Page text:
by purujit dasa
TWO METHODS OF AQUIRING KNOWLEDGE
To understand a little bit about how we can realize these previously mentioned three truths in our limited situation, let’s discuss a little bit about the process of aquiring knowledge itself. There are two types of approaches to understand any sort of knowledge –deductive process and inductive process.
From deductive, you accept that man is mortal. Your father says man is mortal, your sister says man is mortal, everyone says man is mortal—but you do not experiment. You accept it as fact that man is mortal. If you want to research to find out whether man is mortal, you have to study each and every man, and you may come to think that there may be some man who is not dying, but you have not seen him yet.
The word “seen” is important. Whereas in the first case, you have accepted the information from your father without researching, in the second case you are trying to verify the information by your sight. We might have an illusory feeling of being unlimitedly omniscient, but the reality is that our imperfect sight is actually a great limitation.
We are seeing the sun daily, and it appears to us just like a small disc, but it is actually far, far larger than many planets. Of what value is this seeing?
Sri Isopanisad Introduction
Trying to understand the Whole with our partial perception is just like trying to fit an elephant into a matchbox. Because the Complete Whole is absolute, we can never achieve success via such limited inductive process. If we want to understand the Complete Whole, we have to take it from the Complete Whole. This is the only way.
Yogeśvara: He said, if it were an absolute truth, it would be evident to everyone.
Prabhupāda: Yes. But everyone is not advanced in knowledge. (French)
Yogeśvara: He says the question remains because there are other, very spiritually advanced men who don't accept that idea.
Prabhupāda: No, somebody may be known as spiritually advanced according to the society, but he may not be. So another thing is that what is the way of understanding the Absolute Truth. Let him explain. What is the standard way of understanding Absolute Truth? (French)
Yogeśvara: He says he doesn't have an answer in that kind of a context.
Church Representative: No context, problematic.
Prabhupāda: It may be problematic to some, but Absolute Truth can be understood by śruti, authoritative hearing.
Karandhara: When the Absolute reveals Himself, then... Śruti means the absolute knowledge from the Absolute, from God.
Prabhupāda: Yes, the Absolute Truth is known by the absolute method which is called śruti, hearing from the Absolute. Absolute cannot be imagined or speculated. (French)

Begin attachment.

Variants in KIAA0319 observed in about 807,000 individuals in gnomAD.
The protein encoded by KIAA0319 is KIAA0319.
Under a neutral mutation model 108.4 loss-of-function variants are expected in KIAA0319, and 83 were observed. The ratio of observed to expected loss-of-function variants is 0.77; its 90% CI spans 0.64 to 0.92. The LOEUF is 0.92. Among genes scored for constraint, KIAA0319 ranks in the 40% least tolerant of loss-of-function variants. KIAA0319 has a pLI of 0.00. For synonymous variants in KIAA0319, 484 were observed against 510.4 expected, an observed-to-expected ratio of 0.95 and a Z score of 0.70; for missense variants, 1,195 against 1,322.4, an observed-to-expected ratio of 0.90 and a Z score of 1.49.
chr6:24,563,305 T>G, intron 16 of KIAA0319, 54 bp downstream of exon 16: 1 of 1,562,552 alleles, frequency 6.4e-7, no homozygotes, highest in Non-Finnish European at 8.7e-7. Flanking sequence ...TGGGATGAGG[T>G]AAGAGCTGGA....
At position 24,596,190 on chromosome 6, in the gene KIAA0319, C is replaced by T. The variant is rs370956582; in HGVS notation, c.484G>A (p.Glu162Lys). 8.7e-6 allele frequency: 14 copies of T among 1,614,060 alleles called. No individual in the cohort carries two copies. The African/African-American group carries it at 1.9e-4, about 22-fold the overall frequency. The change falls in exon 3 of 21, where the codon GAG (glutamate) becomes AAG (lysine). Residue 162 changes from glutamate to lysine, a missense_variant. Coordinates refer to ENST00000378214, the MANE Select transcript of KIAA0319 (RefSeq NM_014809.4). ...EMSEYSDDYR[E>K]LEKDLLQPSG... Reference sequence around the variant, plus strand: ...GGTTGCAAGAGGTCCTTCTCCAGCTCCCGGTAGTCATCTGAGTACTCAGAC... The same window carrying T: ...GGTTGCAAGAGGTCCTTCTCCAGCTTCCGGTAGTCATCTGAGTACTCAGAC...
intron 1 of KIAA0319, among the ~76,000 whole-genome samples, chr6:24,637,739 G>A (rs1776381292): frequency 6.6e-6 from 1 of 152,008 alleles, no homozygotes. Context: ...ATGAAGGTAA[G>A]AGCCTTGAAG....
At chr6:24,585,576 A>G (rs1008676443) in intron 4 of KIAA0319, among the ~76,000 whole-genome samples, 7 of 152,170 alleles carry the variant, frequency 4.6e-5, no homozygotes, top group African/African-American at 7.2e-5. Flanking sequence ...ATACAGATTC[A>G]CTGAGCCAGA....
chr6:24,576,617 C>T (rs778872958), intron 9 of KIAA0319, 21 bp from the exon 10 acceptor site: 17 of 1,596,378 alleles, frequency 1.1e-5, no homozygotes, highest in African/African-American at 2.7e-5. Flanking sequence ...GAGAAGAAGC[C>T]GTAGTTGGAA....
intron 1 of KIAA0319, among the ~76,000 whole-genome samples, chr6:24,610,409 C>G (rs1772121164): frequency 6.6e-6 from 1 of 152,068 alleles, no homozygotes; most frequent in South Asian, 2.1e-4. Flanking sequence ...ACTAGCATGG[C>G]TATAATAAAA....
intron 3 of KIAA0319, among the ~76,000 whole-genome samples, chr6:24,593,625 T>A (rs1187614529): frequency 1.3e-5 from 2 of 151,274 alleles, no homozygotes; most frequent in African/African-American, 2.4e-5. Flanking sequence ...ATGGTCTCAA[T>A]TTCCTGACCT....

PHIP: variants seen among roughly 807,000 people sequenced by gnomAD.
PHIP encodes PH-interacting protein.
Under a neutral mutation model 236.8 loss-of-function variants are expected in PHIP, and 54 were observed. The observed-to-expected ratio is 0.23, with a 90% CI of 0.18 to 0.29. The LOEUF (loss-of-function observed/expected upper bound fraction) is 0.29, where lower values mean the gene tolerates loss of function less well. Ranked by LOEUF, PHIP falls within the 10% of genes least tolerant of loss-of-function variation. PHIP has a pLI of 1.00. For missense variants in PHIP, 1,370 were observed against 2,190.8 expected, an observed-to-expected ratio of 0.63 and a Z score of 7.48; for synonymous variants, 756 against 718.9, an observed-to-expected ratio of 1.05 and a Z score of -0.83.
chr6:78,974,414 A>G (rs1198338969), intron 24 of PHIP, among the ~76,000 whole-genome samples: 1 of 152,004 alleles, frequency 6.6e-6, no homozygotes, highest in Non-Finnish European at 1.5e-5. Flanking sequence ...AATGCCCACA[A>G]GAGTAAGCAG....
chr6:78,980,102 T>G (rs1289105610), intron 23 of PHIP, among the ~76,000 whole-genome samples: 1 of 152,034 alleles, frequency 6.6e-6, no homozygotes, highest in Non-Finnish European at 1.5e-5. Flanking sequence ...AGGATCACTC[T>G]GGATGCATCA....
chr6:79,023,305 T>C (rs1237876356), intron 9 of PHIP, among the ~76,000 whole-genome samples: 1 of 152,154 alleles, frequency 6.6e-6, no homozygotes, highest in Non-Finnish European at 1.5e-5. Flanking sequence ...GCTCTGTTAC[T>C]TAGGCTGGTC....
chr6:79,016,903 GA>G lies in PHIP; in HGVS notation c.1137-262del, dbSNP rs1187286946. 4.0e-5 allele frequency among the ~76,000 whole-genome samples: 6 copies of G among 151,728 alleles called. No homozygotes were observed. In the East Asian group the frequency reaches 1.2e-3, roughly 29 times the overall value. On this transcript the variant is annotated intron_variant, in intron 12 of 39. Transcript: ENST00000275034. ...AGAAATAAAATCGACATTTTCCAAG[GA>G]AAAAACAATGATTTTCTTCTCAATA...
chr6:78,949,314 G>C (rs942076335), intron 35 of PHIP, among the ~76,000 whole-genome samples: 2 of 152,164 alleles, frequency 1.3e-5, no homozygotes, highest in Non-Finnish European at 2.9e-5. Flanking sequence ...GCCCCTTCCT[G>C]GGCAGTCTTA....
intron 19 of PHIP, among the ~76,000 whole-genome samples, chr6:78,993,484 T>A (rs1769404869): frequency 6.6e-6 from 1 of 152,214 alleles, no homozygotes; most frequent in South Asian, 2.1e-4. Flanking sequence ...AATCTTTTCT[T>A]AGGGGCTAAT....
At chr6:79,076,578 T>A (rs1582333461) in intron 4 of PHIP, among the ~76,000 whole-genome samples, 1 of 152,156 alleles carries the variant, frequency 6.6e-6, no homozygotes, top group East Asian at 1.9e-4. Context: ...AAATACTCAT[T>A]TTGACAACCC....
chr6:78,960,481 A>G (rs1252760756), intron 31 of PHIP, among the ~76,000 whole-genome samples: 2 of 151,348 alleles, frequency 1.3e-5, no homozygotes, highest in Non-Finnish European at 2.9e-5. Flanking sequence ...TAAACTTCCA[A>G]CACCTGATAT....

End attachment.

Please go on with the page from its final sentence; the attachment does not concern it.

Yogeśvara: He says that is a fundamental point.
Prabhupāda: Yes. So therefore we accept Absolute Truth from the Absolute.
Room Conversation with Russian Orthodox Church Representative -- June 13, 1974, Paris
Someone might object now that even if we took the information from the Complete Whole (the Absolute), because we are imperfect we actually cannot understand it and therefore must misinterpret the knowledge. Srila Prabhupada objects though:
That I have already explained, that the child who has heard from his father that "This is microphone" and if he speaks that "This is microphone," then his knowledge is perfect. The child is not perfect, but because he has heard from the perfect authority, what he is speaking, although he is child, that is perfect.
Bhagavad-gītā 3.27 -- Melbourne, June 27, 1974
As mentioned before, we cannot understand the Complete Whole fully, yet that doesn’t mean we cannot understand our position and our relationship with the Complete Whole. If a child uses the microphone properly, how does it matter that he’s not aware exactly how the microphone works? Similarly, if our knowledge of the Absolute acquired by hearing from the perfect authority culminates in service to the Absolute, it is perfect.
Tamāla Kṛṣṇa: Śrīla Prabhupāda, suppose that they acknowledge the fact that they do not know, but they challenge, "How do you know what you believe is right?"
Prabhupāda: Because I have approached the Supreme, the supreme brain, Kṛṣṇa. He is the perfect person in knowledge. Aiśvaryasya, jñāna. Vedāhaṁ samatītāni [Bg. 7.26]. He knows everything. He is conducting nature. Mayādhyakṣeṇa prakṛtiḥ suyate sa-carācaram [Bg. 9.10]. Yasyājñayā bhramati sambhṛta-kālacakro. Janmādy asya yataḥ [SB 1.1.1]. So we know from the perfect. Therefore my knowledge is perfect. I am not perfect; that's a fact. But my knowledge is perfect. Just like I am not an electrician. But the electrician has told me that "You push this button. There will be light." So I am doing that. What is the use of becoming electrician? I want light, and the electrician told me, "Just push this button." I am doing that, and light is there. That's all. You cannot say, "You are not a electrician. How you can say the light...?" And I know from the perfect person, and it is acting. This is our position. It doesn't require that I will have to become electrician. The electrician has told that "You push this button," and there is light. That's all. Does it require that I will have to become a electrician to conduct this light?
Room Conversation with Svarūpa Dāmodara -- February 28, 1975, Atlanta
(to be continued...)